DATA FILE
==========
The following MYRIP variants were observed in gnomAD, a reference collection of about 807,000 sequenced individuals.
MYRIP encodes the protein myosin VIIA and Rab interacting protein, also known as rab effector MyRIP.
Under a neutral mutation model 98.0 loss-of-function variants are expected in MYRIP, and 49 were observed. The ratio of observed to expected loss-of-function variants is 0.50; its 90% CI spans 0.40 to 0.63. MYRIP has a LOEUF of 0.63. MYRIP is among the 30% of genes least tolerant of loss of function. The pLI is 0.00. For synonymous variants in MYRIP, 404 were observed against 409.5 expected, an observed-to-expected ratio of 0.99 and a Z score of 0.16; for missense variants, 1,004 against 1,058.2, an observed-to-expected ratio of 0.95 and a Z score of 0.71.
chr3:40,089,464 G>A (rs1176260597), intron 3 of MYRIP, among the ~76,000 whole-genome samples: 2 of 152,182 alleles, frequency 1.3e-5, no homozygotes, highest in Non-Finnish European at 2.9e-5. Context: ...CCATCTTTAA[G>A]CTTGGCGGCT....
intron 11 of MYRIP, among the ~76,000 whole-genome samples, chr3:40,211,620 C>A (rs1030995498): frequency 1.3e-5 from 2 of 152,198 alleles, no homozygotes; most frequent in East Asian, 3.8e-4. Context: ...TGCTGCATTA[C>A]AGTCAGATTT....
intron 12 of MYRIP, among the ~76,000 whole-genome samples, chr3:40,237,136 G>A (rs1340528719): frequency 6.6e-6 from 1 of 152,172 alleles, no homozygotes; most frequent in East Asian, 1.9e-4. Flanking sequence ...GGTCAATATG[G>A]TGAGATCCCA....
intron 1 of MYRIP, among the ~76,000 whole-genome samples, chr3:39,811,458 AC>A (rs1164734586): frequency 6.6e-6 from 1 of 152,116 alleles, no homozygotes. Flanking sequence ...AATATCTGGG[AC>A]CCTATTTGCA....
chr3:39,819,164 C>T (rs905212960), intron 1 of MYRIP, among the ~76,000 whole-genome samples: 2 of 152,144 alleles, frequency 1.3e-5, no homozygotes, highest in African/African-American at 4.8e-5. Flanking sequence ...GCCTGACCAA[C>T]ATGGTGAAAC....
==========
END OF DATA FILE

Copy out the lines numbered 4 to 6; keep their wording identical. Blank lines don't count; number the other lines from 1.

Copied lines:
chr3:40,089,464 G>A (rs1176260597), intron 3 of MYRIP, among the ~76,000 whole-genome samples: 2 of 152,182 alleles, frequency 1.3e-5, no homozygotes, highest in Non-Finnish European at 2.9e-5. Context: ...CCATCTTTAA[G>A]CTTGGCGGCT....
intron 11 of MYRIP, among the ~76,000 whole-genome samples, chr3:40,211,620 C>A (rs1030995498): frequency 1.3e-5 from 2 of 152,198 alleles, no homozygotes; most frequent in East Asian, 3.8e-4. Context: ...TGCTGCATTA[C>A]AGTCAGATTT....
intron 12 of MYRIP, among the ~76,000 whole-genome samples, chr3:40,237,136 G>A (rs1340528719): frequency 6.6e-6 from 1 of 152,172 alleles, no homozygotes; most frequent in East Asian, 1.9e-4. Flanking sequence ...GGTCAATATG[G>A]TGAGATCCCA....